All warmed up and numb from the jagertee, my next instruction is to go to the edge of the slope. Like a lamb to the slaughter I go right up to the edge, breathtaking beauty reveals itself from the top of a ski slope. I was taking in the beauty of the moment, hardly noticing as I was asked are you ready. Maybe I said yes, maybe I didn't, I really don't remember.

I heard GO, at the same moment I felt the blow between my shoulder blades sending me plummeting down the slope at an ever increasing speed. I yelled, I screamed, already knowing it was useless. It didn't work on me at the bottom of the slope, it was equally ineffective on everyone else now. How do I stop? How do I turn? How do I slow down? Something told me it was a little late to be thinking these questions. I just continued to scream, as I was now flying past others. Then I saw them in front of me, a man and a child, they were already down, Couldn't they hear me screaming, yelling, headed straight for them? Surely they would move, get out of my way, wasn't it obvious I had no idea what I was doing? Apparently not, already down, they couldn't move, clueless I couldn't divert. We all three rolled into a new pile and so I learned how to stop. Not the most effective way of stopping, but my high speed journey downhill had stopped every bit as abruptly as it began.

We all rambled about collecting ourselves and our gear, checking and ensuring everyone seemed to be fine. Except one small problem, I still had to make it to the bottom of the slope somehow. Fortunately for me, my friend/instructor arrived as if on cue. My turn to speak in one syllable 4 letter word sentences. Turns out my instructor had been skiing one time on these very slopes prior to this trip and new if I had been provided this information I would never have agreed to such a preposterous plan.

All Is Well That Ends Well

 It turned out that this training was quite sufficient, throughout the rest of the four day weekend I not only made it back to the bottom of that slope, I was also able to advance to riding in a seat you sit on to more advanced slopes and actually learning to maneuver and stop on command versus screaming and plowing into others.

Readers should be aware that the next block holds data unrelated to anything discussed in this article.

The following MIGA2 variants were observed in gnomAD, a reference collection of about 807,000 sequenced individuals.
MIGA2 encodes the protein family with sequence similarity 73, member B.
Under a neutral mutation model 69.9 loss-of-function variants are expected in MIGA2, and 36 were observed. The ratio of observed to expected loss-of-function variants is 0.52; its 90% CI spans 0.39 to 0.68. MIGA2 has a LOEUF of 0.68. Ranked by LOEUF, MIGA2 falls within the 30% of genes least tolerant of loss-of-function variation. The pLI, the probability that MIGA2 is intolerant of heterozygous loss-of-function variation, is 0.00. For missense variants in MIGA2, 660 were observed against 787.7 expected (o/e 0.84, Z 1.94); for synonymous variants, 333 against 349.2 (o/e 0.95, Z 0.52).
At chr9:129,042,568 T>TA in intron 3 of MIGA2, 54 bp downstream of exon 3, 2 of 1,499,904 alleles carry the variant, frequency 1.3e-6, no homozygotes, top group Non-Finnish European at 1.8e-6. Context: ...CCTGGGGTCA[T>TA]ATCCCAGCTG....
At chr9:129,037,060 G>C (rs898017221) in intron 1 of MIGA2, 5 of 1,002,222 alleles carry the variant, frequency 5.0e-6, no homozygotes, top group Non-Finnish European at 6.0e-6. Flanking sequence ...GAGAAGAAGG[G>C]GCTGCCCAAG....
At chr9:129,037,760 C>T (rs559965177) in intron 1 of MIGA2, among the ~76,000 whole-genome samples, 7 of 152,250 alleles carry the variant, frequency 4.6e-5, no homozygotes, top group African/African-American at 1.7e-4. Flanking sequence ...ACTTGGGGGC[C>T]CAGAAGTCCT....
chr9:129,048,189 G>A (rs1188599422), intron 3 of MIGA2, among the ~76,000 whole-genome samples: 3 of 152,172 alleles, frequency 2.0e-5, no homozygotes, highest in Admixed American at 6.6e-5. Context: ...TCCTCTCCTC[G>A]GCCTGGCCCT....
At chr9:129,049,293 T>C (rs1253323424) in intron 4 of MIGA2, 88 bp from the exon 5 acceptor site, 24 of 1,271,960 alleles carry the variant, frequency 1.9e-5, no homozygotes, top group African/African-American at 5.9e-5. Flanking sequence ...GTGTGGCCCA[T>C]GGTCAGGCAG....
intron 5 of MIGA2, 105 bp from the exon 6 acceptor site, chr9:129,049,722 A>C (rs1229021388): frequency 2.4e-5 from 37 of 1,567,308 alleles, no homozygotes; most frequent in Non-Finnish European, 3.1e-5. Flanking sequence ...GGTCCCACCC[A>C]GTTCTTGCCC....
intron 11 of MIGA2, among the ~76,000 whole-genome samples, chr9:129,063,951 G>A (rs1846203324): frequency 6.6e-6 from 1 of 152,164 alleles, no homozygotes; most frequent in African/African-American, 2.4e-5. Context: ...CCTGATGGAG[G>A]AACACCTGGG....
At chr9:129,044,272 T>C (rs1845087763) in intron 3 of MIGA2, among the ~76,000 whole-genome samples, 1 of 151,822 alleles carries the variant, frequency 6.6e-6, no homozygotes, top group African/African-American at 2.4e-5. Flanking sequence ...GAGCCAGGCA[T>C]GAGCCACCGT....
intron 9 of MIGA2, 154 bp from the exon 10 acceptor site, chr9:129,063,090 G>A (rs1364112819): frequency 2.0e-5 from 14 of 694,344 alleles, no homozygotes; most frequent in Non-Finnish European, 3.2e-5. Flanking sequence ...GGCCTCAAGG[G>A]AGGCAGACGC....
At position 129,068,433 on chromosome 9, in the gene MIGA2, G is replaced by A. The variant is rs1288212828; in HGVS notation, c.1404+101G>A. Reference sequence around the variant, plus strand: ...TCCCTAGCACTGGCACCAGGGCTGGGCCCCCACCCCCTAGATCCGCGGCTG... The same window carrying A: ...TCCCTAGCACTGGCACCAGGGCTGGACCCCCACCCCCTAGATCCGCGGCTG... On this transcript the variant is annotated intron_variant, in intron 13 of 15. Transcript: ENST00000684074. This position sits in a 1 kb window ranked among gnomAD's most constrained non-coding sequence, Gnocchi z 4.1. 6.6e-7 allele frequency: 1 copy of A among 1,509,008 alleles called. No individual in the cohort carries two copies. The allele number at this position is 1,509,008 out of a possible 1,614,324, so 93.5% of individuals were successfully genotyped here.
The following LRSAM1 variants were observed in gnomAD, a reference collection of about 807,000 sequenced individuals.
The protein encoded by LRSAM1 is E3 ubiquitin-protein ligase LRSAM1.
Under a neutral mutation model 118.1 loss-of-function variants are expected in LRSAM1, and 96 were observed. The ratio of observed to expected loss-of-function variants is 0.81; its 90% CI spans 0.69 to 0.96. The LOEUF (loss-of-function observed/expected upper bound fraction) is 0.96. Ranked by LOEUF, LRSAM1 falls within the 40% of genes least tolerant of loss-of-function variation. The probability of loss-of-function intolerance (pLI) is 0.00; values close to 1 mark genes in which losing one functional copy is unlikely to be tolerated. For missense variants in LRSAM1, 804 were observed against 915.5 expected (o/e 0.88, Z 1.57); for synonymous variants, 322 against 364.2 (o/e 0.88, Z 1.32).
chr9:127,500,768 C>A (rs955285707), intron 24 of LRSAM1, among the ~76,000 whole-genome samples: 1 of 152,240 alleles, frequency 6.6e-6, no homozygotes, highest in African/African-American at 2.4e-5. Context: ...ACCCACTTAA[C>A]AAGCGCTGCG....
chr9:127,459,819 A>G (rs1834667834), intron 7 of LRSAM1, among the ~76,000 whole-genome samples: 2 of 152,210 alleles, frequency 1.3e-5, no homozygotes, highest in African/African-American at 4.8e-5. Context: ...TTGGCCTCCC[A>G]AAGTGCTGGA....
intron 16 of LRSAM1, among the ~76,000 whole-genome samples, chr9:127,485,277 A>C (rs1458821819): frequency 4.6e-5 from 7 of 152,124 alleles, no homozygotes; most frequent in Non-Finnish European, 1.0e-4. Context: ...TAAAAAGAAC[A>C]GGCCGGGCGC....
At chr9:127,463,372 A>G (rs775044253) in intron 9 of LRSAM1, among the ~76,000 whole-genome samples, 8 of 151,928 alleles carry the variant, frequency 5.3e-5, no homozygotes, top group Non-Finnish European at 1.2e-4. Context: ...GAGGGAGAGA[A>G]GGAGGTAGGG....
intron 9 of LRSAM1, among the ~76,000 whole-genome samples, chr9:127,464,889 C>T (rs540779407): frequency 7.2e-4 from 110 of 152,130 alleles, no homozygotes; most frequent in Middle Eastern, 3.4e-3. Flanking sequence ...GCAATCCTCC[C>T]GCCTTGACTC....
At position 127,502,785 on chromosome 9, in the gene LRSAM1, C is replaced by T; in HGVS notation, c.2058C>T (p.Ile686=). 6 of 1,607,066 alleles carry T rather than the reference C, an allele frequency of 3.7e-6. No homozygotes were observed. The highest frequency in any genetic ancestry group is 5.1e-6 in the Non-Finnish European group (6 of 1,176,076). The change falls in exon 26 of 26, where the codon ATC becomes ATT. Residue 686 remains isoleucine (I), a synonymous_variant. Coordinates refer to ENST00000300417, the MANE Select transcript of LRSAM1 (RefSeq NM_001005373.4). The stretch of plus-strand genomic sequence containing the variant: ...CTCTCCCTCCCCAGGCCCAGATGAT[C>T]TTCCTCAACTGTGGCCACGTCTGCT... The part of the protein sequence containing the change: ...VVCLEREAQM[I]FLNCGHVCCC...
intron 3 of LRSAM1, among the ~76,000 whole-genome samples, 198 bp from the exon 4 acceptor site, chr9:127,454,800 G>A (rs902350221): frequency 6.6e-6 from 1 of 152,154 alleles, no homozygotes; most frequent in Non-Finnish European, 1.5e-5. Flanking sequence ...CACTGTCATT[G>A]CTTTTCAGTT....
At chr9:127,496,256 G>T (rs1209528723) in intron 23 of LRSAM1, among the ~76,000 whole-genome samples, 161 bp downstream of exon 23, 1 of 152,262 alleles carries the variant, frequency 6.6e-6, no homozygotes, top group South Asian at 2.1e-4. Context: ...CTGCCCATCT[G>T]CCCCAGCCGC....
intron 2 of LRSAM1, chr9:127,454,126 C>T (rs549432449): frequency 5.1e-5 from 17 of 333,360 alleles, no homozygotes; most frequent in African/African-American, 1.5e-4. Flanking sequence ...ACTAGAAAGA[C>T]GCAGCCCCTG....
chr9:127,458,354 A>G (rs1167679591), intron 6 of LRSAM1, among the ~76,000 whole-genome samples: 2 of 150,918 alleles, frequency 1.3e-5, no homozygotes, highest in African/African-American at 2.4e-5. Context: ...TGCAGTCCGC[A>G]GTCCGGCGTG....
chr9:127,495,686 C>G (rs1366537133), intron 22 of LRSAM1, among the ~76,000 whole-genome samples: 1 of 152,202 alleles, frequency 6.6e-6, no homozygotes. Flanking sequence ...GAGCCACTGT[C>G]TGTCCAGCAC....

As I said in the beginning, an exhilarating experience, physical exercise without the gym.  Just plain fun in the most beautiful playground ever built, nature. 

Skiing Recommendations

After sharing my own story, some of you may not be as excited about the thrill of snow skiing as I was, so here are a few tips I learned in retrospect:

  • Check out your ski instructor, find out how much experience they have and their qualifications to instruct.
  • Learn all about stopping and maneuvering prior to learning how to get to the top of the slopes
  • Jagertee is better enjoyed after the ski trip, not before or during.
  • Last, but not least, enjoy the experience, it really is exhilarating and fun and keeps the body in great shape.


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    • theskibug profile image

      theskibug 6 years ago from France

      Nice hub. We live in a ski resort and are keen skiers.

    • emohealer profile image

      Sioux Ramos 8 years ago from South Carolina


      Thanks for enjoying the ride or say slide with me!

    • salmanali456 profile image

      salmanali456 8 years ago

      lol wow nice hub really fun this is

    • emohealer profile image

      Sioux Ramos 8 years ago from South Carolina


      you're welcome, glad you enjoyed the hub. Enjoy skiing more, glad you're going to find a real instructor. Thanks

    • prasetio30 profile image

      prasetio30 8 years ago from malang-indonesia

      thanks for share. this is great tips for us to know how to learn ski. A next couple month is winter. that is great moment to practicing your tips. great hub . I like it.

    • emohealer profile image

      Sioux Ramos 8 years ago from South Carolina

      Thank you ripplemaker for visiting and reading my just for fun hub. Glad you appreciated it :-)

    • ripplemaker profile image